Friday, 23 January 2015
Do Or Die (1991)
I'm not sure how Pat Morita got suckered into this movie, but he manages to make Andy Sidaris's dialogue sound more natural than anyone before (or probably since), so I'm glad that he really needed to make those payments on his mortgage, or whatever.
Morita plays "Kane", a mob boss who hires six pairs of supposedly-expert assassins to take out a pair of federal agents. Being a sporting sort of chap though, he warns the agents that the assassins are coming.
The agents swing into action ... which since they are women and this is an Andy Sidaris movie, means that they do some topless hot tubbing. But they also find time to fill in their superior over the satellite phone. Their boss immediately begins assembling a team to help them, but they're going to be up against the odds: Kane's men secretly planted a tracker on one of the women while he was delivering his oh-so-sporting warning.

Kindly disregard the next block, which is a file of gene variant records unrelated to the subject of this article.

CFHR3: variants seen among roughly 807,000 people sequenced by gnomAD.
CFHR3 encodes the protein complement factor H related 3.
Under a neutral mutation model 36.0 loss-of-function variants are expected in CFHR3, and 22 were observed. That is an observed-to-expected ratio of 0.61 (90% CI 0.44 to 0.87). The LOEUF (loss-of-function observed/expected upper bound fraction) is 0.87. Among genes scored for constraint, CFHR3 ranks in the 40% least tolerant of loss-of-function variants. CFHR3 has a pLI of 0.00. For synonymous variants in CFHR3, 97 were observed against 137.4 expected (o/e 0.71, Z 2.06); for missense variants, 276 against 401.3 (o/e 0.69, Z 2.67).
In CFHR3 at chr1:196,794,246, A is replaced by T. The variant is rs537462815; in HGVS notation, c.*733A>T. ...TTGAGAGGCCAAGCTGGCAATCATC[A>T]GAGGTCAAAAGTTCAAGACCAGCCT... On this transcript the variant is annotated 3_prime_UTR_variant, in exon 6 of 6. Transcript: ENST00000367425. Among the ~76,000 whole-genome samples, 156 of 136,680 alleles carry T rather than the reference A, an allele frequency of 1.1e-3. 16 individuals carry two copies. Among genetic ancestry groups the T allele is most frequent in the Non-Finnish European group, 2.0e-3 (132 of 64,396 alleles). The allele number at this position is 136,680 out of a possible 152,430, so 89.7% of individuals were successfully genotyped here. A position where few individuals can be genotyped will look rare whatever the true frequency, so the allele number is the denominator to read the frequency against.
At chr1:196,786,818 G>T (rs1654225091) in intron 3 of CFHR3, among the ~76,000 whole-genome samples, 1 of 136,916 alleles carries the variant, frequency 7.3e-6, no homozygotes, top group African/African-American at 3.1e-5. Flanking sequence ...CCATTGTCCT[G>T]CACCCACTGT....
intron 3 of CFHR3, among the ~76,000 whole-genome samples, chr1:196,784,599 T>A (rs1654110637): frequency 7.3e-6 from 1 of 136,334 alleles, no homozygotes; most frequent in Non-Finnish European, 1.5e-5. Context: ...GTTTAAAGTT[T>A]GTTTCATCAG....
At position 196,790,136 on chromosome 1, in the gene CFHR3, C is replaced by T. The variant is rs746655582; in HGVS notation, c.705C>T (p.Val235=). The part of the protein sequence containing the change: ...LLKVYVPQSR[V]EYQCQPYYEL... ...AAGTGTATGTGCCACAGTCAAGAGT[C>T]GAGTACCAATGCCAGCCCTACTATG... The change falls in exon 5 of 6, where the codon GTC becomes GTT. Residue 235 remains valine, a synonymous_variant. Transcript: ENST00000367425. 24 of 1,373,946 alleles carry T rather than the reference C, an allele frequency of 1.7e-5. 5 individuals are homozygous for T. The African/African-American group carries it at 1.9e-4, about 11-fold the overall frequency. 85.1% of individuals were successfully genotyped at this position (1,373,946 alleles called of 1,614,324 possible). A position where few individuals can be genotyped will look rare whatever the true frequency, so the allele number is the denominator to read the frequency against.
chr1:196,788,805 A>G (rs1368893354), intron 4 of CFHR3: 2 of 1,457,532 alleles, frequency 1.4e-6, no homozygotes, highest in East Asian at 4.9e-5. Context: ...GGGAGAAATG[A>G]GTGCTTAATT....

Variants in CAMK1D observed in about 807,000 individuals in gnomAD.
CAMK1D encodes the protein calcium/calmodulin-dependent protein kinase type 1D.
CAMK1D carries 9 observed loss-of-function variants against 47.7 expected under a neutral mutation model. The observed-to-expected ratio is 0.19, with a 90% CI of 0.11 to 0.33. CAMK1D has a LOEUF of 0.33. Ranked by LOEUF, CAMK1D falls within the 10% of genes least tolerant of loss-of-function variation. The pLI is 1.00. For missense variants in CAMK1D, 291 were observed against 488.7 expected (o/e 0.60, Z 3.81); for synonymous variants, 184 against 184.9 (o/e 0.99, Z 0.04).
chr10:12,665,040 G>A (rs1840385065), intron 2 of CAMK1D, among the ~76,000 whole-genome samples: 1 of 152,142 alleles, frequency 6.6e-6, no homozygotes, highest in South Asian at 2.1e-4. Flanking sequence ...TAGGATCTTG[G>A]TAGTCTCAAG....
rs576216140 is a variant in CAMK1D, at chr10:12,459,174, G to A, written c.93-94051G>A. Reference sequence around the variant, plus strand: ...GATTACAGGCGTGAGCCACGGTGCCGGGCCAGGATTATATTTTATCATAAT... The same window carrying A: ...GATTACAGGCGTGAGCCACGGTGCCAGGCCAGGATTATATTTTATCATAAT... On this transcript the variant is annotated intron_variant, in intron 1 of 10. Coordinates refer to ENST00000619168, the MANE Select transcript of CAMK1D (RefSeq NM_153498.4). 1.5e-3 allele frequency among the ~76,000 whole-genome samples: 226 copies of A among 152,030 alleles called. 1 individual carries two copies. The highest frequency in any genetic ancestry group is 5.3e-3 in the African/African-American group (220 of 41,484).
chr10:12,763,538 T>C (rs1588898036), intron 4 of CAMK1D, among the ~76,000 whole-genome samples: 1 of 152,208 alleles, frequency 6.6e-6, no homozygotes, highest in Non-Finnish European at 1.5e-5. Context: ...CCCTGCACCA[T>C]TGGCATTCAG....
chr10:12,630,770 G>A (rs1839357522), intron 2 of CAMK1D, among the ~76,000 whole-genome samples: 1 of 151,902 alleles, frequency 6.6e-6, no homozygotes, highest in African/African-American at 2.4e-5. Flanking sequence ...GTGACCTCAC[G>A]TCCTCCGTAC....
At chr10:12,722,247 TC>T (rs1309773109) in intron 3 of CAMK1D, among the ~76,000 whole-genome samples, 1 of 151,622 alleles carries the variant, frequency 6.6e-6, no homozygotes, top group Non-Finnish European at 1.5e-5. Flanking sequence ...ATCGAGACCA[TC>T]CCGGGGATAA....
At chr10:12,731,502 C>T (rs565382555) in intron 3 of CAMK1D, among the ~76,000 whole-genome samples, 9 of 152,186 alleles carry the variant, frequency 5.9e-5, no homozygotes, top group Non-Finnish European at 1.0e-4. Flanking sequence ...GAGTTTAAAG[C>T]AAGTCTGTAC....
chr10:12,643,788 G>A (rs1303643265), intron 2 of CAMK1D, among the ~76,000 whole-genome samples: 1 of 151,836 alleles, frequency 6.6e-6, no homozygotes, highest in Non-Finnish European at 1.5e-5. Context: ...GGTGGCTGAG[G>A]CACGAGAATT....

The team assembled to help the agents includes Erik Estrada. Estrada was a villain in the previous Sidaris film, and got blasted apart by multiple rockets, but he's back in this as a new, heroic character. That's a pretty common thing in Sidaris films; in fact Estrada is one of three such cast members in this film. (Pat Morita, alas, will not return, though his character does).
Anyway, there's a reason I put the word "supposedly" in "supposedly-expert assassins", as most of the attempts to kill the agents are farcically inept, and all seem to ignore the fact that the assassins work in pairs and are going up against a team of eight agents, thanks to Kane's "oh bee tee dubs I'm gonna have you whacked" warning. So effectively although there are twelve assassins in all, they're outnumbered four to one during most of the actual encounters.
All Sidaris's usual tics - lots of nudity, clumsy exposition delivered as terrible dialogue, vehicles both real and model - are on show here. Heck, the culmination of the film involves a model helicopter launching real rockets to take out the world's dumbest ninjas.
And really, your reaction to that last sentence is all you need to know about whether this is a film you'd enjoy.